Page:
sudo apt update

sudo apt install docker-ce docker-ce-cli containerd.io docker-compose-plugin

All done! Verify it worked with this command:

sudo docker run hello-world

Step 7: Configure Docker

Given that we’re running this instance as ubuntu rather than root, we’ll need to change the default unix socket user to prevent permission errors down the road:

sudo nano /etc/systemd/system/sockets.target.wants/docker.socket

Change the SocketUser from root to ubuntu, then exit (ctrl+o, ctrl+x, enter).

Step 8: Install Remark42

For this next part we’re going to be drawing heavily from the official docs. Create the default config, making sure to change the variables to fit your instance.

sudo nano docker-compose.yml

version: '2'

        build: .
        image: umputun/remark42:latest
        container_name: "remark42"
        hostname: "remark42"
        restart: always

            driver: json-file
                max-size: "10m"
                max-file: "5"

        # uncomment to expose directly (no proxy)
          - ""

      - REMARK_URL=https://comments.yourdomain.com
      - SITE=comments
      - ADMIN_SHARED_EMAIL=admin@yourdomain.com
      - AUTH_EMAIL_ENABLE=true
      - AUTH_EMAIL_HOST=smtp.mailgun.org
      - AUTH_EMAIL_PORT=465
      - AUTH_EMAIL_FROM=noreply@comments.yourdomain.com #Change this to your site
      - AUTH_EMAIL_SUBJ=Confirm your email address
      - AUTH_EMAIL_CONTENT_TYPE=text/html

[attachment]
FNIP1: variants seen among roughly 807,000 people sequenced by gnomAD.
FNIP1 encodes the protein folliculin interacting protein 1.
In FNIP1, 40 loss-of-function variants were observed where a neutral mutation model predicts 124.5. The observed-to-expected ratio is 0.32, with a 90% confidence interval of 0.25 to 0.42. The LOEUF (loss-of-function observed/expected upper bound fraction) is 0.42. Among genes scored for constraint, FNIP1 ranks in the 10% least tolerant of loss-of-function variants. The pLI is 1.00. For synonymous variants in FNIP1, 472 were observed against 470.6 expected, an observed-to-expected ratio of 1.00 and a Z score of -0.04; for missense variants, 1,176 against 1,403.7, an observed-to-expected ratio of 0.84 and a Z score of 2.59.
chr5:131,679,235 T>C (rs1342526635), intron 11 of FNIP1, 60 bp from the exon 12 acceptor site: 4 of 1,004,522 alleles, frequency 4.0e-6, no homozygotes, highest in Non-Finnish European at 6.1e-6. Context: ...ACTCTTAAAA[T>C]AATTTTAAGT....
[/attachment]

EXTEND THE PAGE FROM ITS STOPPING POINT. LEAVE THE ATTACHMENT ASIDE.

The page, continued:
- AUTH_EMAIL_TLS=true
      - AUTH_EMAIL_USER=postmaster@comments.yourdomain.com
      - AUTH_EMAIL_PASSWD=ReplaceThisWithARandomPassword # generated when a SMTP user is created
      - NOTIFY_EMAIL_FROM=noreply@comments.yourdomain.com
      - NOTIFY_EMAIL_ADMIN=true # notify admin on new comments
      - SMTP_HOST=smtp.mailgun.org
      - SMTP_PORT=465
      - SMTP_TLS=true
      - SMTP_USERNAME=postmaster@comments.yourdomain.com
      - SMTP_PASSWORD=ReplaceThisWithYourMailgunSMTPPassword
      - SECRET=ReplaceThisWithARandomSecret
      - DEBUG=true
      - AUTH_ANON=true
      - ADMIN_SHARED_ID=email_randomstringofadminuserhere # add this after you make your first comment as the administrator.
      # Enable it only for the initial comment
      # import or for manual backups.
      # Do not leave the server running with the
      # ADMIN_PASSWD set if you don't have an intention
      # to keep creating backups manually!
      # - ADMIN_PASSWD=<your secret password>
      #- SSL_TYPE=auto